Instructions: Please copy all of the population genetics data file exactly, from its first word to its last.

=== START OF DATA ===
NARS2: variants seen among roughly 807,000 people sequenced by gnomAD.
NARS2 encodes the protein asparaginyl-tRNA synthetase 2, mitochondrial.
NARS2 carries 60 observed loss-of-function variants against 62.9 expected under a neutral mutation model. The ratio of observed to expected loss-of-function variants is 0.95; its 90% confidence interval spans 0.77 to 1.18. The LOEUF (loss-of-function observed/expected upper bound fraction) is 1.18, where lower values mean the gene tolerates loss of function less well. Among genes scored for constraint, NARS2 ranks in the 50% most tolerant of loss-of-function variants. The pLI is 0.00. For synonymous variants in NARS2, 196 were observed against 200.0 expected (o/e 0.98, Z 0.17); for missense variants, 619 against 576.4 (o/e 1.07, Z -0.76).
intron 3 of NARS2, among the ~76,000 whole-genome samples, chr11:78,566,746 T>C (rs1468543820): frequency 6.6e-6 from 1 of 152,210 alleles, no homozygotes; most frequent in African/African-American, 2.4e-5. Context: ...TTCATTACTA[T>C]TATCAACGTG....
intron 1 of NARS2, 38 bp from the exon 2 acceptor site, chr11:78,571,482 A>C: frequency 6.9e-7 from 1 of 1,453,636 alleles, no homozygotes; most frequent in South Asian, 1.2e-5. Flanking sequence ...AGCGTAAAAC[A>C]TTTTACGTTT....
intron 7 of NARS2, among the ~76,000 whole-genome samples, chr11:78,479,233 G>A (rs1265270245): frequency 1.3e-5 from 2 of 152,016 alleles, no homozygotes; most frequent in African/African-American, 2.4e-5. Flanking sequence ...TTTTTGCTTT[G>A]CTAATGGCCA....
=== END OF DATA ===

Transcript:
NARS2: variants seen among roughly 807,000 people sequenced by gnomAD.
NARS2 encodes the protein asparaginyl-tRNA synthetase 2, mitochondrial.
NARS2 carries 60 observed loss-of-function variants against 62.9 expected under a neutral mutation model. The ratio of observed to expected loss-of-function variants is 0.95; its 90% confidence interval spans 0.77 to 1.18. The LOEUF (loss-of-function observed/expected upper bound fraction) is 1.18, where lower values mean the gene tolerates loss of function less well. Among genes scored for constraint, NARS2 ranks in the 50% most tolerant of loss-of-function variants. The pLI is 0.00. For synonymous variants in NARS2, 196 were observed against 200.0 expected (o/e 0.98, Z 0.17); for missense variants, 619 against 576.4 (o/e 1.07, Z -0.76).
intron 3 of NARS2, among the ~76,000 whole-genome samples, chr11:78,566,746 T>C (rs1468543820): frequency 6.6e-6 from 1 of 152,210 alleles, no homozygotes; most frequent in African/African-American, 2.4e-5. Context: ...TTCATTACTA[T>C]TATCAACGTG....
intron 1 of NARS2, 38 bp from the exon 2 acceptor site, chr11:78,571,482 A>C: frequency 6.9e-7 from 1 of 1,453,636 alleles, no homozygotes; most frequent in South Asian, 1.2e-5. Flanking sequence ...AGCGTAAAAC[A>C]TTTTACGTTT....
intron 7 of NARS2, among the ~76,000 whole-genome samples, chr11:78,479,233 G>A (rs1265270245): frequency 1.3e-5 from 2 of 152,016 alleles, no homozygotes; most frequent in African/African-American, 2.4e-5. Flanking sequence ...TTTTTGCTTT[G>A]CTAATGGCCA....